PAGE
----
By Linda Rubin
“Rosh Hashana is the Jewish New Year, a time in which we're called to reflection and introspection. And it's a time during which we measure how successfully we are functioning in our relationships to other people and also to God,” said Rabbi Aaron D. Benson.
In preparation for the holidays, during the current Hebrew month of Elul, Jews traditionally begin the process of reflection and transformation by apologizing to their families, friends and colleagues for any betrayals or slights, whether done consciously or unawares. We are directed to seek forgiveness diligently, asking three times for exoneration if it is not readily granted.
Toward the end of the month, the last Saturday before Rosh Hashana, we observe the service of Selichot where we begin to ask God (or the universe or the inner voice) to absolve us for the “sins,” misdirection, or errors of the last year. “This work of reflection and improvement [is what] in Hebrew we call teshuva,” Benson explained.
“If Selichot is the real beginning of the process in earnest,” Benson continued, “then Rosh Hashana is the day on which we are called do the serious work of correcting and improving—or at least determining how we're going to correct and improve—our relationships.”Rosh Hashana is considered the birthday of the world. Benson says this is an opportunity for Jews to acknowledge and be grateful to be part of this creation and that we have obligations to everyone else and everything with whom we share the world.
“And then Yom Kippur is understood as the Day of Atonement and also the Day of Judgment, and so it serves as the final deadline for having done this period of teshuva. Of course, we can do this all year ‘round but human beings being human beings, it's good to have some deadlines on the calendar to work towards,” he said.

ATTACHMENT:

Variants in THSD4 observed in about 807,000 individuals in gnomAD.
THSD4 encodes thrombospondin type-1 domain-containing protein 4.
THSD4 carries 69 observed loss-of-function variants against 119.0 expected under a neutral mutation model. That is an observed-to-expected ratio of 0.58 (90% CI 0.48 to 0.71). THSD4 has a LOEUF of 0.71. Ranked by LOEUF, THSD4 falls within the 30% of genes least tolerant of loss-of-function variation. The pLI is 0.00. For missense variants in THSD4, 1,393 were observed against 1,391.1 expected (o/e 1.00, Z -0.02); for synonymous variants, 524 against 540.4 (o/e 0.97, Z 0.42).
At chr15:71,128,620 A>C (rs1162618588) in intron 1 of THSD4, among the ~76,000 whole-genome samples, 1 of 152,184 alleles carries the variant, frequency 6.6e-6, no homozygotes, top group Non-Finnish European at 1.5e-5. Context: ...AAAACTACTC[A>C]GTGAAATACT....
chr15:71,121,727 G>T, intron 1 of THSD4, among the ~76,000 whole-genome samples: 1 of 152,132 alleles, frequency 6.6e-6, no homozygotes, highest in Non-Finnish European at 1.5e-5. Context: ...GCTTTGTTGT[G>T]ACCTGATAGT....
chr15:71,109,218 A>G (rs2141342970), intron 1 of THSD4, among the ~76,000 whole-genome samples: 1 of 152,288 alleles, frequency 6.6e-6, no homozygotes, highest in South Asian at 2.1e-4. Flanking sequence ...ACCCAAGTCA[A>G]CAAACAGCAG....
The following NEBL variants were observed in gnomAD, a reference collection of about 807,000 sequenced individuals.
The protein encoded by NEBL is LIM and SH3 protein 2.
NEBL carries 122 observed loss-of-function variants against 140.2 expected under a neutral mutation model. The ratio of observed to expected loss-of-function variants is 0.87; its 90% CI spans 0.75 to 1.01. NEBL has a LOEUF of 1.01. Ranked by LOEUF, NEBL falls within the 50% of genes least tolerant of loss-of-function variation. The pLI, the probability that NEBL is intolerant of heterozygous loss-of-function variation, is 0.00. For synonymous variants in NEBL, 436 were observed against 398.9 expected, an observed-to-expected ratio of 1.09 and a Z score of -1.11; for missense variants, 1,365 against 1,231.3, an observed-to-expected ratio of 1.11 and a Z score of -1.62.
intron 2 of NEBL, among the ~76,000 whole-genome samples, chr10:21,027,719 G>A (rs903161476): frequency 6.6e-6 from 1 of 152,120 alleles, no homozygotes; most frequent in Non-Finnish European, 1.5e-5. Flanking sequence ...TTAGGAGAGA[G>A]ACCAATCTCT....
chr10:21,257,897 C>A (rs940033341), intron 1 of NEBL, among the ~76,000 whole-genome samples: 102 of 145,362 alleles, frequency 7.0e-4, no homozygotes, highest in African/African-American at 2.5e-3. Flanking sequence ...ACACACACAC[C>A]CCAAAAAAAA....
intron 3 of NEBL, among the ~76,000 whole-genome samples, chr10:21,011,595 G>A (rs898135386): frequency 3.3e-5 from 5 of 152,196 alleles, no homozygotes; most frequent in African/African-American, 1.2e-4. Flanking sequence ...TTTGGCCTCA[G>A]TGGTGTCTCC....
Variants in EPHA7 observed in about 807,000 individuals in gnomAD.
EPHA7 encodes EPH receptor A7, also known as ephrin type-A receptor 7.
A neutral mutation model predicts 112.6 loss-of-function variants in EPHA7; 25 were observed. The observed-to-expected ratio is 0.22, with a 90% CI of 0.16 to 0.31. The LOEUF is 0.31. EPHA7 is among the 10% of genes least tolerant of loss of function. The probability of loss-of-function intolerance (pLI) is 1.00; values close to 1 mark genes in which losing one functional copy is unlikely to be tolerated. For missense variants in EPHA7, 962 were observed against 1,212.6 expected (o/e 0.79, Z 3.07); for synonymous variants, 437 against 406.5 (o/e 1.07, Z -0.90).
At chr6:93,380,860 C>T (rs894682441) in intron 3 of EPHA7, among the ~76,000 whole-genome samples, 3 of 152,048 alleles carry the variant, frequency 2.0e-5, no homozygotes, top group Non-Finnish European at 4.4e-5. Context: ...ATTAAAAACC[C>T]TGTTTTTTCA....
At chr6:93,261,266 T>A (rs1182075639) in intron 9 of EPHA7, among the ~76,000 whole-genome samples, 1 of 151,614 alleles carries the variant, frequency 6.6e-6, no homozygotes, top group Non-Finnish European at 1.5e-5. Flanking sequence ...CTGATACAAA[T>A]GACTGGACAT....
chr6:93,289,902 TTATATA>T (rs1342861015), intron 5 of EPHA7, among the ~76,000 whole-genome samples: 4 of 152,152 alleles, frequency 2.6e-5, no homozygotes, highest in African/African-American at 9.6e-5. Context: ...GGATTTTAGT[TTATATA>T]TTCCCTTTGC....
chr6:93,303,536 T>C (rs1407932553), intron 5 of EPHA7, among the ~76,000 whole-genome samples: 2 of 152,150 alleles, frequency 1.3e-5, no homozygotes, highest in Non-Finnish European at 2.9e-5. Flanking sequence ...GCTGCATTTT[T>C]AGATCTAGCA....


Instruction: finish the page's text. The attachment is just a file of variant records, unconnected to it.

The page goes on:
“On Rosh Hashana it is written and on Yom Kippur it is sealed,” goes the traditional liturgy. We aspire to being metaphorically inscribed for life in the Book of Life, as a result of our actions during the previous year and our earnest efforts to correct mistakes. And even the worst of us have the opportunity for a reprieve:
(Based on the U'Netaneh Tokef prayer)
On Rosh Hashana it is inscribed and on Yom Kippur it is sealed,
How many shall pass away and how many shall be born,
Who shall live and who shall die,
Who shall reach the end of his days and who shall not,
Who shall perish by water and who by fire,
Who by sword and who by wild beast,
Who by famine and who by thirst,
Who by earthquake and who by plague,
Who by strangulation and who by stoning,
Who shall have rest and who shall wander,
Who shall be at peace and who shall be pursued,
Who shall be at rest and who shall be tormented,
Who shall be exalted and who shall be brought low,
Who shall become rich and who shall be impoverished.
But repentance, prayer and righteousness avert the severe decree.
Those of you who are not members of the tribe and want to know how to express a holiday greeting, wish your friends of the Mosaic persuasion “L'shana tovah” (Happy New Year) or, even hipper, “L'Shanah Tovah Tikatevu,” (May you be inscribed for a good year).